‘More organisations see importance of work-life practices’

This article first appeared in The Edge Financial Daily, on November 21, 2017.
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KUALA LUMPUR: More organisations are acknowledging the need to implement work-life practices in their workplaces to encourage balance among employees, according to Talent Corp Bhd (TalentCorp).

A recent Life At Work survey by TalentCorp and Ernst and Young — which polled over 360 employers from key sectors — found that 90% of organisations in Malaysia agree on the importance of offering work-life practices for employees.

Work-life practices are usually associated with flexible working hours and reductions in working time or the implementation of family-friendly policies.

To further encourage organisations to see the importance and impact of work-life practices on human capital and the overall economy, TalentCorp recognises employers who champion diversity and inclusion in the workplace through its annual Life At Work Awards 2017.

In its fifth year now, the winners this year include CIMB Group Holdings Bhd, who was named the Best Malaysian Organisation, while DiGi.Com Bhd chief executive officer Albern Murty took home the CEO Champion award.

Awards were also presented to Pricewaterhouse Coopers Malaysia (PwC Malaysia) who won the Best International Organisation award, while IHS Markit Malaysia was recognised as the Best Lean Organisation.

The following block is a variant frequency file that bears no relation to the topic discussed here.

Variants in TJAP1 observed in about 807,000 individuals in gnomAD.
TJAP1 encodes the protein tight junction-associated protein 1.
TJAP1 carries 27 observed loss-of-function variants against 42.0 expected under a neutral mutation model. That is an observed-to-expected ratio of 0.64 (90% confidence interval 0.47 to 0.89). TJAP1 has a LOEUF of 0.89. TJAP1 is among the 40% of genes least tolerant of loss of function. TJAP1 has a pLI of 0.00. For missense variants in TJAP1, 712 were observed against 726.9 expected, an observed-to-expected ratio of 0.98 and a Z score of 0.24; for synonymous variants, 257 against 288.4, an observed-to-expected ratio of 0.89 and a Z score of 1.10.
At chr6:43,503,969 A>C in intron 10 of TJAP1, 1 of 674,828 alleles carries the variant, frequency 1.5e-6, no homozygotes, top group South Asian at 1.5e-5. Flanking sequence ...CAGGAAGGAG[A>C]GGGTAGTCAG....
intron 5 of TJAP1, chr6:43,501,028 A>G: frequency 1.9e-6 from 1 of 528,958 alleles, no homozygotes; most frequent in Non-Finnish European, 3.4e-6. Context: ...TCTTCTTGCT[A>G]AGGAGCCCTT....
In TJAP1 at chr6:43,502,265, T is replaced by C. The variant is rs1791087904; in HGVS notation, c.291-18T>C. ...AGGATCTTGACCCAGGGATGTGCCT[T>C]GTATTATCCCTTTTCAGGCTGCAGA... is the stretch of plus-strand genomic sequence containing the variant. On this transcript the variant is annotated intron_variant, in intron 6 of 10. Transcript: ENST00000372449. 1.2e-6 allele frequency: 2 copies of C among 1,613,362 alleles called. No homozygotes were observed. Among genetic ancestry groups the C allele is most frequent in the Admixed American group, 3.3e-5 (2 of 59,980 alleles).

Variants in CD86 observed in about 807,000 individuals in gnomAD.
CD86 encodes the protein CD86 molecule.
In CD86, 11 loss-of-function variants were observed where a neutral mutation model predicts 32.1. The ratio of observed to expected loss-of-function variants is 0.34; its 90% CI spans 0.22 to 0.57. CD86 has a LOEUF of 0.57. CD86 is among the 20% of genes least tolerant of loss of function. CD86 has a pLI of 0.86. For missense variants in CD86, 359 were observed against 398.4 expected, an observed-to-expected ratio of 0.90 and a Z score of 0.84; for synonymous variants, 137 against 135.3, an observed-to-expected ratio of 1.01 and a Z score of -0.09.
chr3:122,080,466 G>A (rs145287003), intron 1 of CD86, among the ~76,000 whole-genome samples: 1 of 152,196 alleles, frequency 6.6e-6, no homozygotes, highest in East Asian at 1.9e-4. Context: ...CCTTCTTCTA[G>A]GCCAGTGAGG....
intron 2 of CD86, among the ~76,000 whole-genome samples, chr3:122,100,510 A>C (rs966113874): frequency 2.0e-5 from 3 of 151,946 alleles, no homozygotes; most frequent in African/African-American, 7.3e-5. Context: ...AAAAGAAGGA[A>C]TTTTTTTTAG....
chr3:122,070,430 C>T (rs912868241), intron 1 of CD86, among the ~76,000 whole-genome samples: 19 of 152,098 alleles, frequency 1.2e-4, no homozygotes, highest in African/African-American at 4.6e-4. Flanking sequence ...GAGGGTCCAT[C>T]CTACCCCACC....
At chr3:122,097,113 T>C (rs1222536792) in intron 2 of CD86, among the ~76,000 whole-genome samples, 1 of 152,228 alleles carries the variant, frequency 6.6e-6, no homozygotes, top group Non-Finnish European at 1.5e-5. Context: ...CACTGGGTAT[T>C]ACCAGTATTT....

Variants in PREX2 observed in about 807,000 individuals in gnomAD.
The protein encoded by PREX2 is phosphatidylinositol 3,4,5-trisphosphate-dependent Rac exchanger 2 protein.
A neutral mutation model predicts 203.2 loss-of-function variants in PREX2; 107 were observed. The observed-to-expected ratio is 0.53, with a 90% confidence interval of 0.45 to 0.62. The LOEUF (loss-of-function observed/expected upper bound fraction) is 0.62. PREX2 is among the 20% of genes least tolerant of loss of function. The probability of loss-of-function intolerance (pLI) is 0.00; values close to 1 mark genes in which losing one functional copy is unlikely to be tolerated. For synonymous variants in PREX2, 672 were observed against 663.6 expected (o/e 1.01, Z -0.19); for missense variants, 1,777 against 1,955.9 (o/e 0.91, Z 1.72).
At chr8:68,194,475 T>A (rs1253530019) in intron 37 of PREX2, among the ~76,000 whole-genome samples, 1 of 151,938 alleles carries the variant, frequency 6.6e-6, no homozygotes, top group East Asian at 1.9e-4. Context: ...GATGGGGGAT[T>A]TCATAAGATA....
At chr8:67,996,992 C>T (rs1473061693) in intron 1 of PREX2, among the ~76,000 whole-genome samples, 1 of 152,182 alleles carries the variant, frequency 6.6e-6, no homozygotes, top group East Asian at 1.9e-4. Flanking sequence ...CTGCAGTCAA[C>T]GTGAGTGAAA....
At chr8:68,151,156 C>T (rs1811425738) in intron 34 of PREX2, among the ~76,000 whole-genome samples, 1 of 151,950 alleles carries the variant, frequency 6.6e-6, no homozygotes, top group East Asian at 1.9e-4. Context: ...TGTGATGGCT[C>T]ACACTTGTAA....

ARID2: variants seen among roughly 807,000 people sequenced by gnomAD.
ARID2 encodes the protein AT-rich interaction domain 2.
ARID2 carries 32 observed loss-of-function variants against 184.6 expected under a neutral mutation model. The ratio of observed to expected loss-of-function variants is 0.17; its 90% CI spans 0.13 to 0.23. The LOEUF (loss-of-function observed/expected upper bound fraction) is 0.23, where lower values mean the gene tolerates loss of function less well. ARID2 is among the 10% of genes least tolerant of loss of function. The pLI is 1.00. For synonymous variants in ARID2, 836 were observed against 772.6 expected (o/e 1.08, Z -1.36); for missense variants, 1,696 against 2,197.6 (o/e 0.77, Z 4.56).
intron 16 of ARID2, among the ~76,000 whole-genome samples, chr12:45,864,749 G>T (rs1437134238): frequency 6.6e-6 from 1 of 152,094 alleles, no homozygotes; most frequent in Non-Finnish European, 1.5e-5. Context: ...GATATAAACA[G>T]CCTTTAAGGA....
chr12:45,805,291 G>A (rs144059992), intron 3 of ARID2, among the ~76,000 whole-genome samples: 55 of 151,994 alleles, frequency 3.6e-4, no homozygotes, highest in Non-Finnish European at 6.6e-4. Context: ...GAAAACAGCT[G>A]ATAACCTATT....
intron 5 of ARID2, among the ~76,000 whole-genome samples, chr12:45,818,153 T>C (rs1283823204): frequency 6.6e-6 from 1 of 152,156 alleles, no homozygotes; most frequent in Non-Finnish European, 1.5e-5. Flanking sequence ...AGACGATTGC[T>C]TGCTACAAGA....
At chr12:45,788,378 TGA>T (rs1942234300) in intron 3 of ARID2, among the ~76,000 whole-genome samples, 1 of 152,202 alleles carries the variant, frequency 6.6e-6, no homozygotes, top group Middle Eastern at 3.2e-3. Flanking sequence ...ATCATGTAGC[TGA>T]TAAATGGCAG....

Participating organisations in the Life At Work Awards have to offer at least three flexible work arrangements and at least two family-friendly facilities or work-life benefits.

There were 30 participating companies this year, compared to 29 last year, said TalentCorp CEO Shareen Shariza Abdul Ghani.

“We are seeing even more commitment from companies in addressing flexibility in workplace policies and shift in culture to respond to current and future talent needs.

“With the announcement made during Budget 2018 in promoting flexible work arrangements, we are positive that companies will be inspired to implement advanced workplace strategies of the future,” Shareen said during TalentCorp’s conference yesterday on the future of work, workplace and workforce.

The one-day conference was aimed at fostering greater conversation on the future of work and how to address challenges and opportunities posed by the fourth industrial revolution.

Towards that end, TalentCorp launched two new initiatives at the conference.

The first, Nurturing Expert Talent, is a national talent analytics platform to acquire and analyse data about the quality and ability of the Malaysian workforce to meet the demands of the evolving marketplace.

The second is a report entitled “Visioning Malaysia’s Future of Work: A Framework for Action”, which underlines five key recommendations to future-proof Malaysia’s workforce.

Shareen, who also spoke on the changing job types in the future, said there are specific jobs that the new digital economy will require, citing data analyst roles as an example.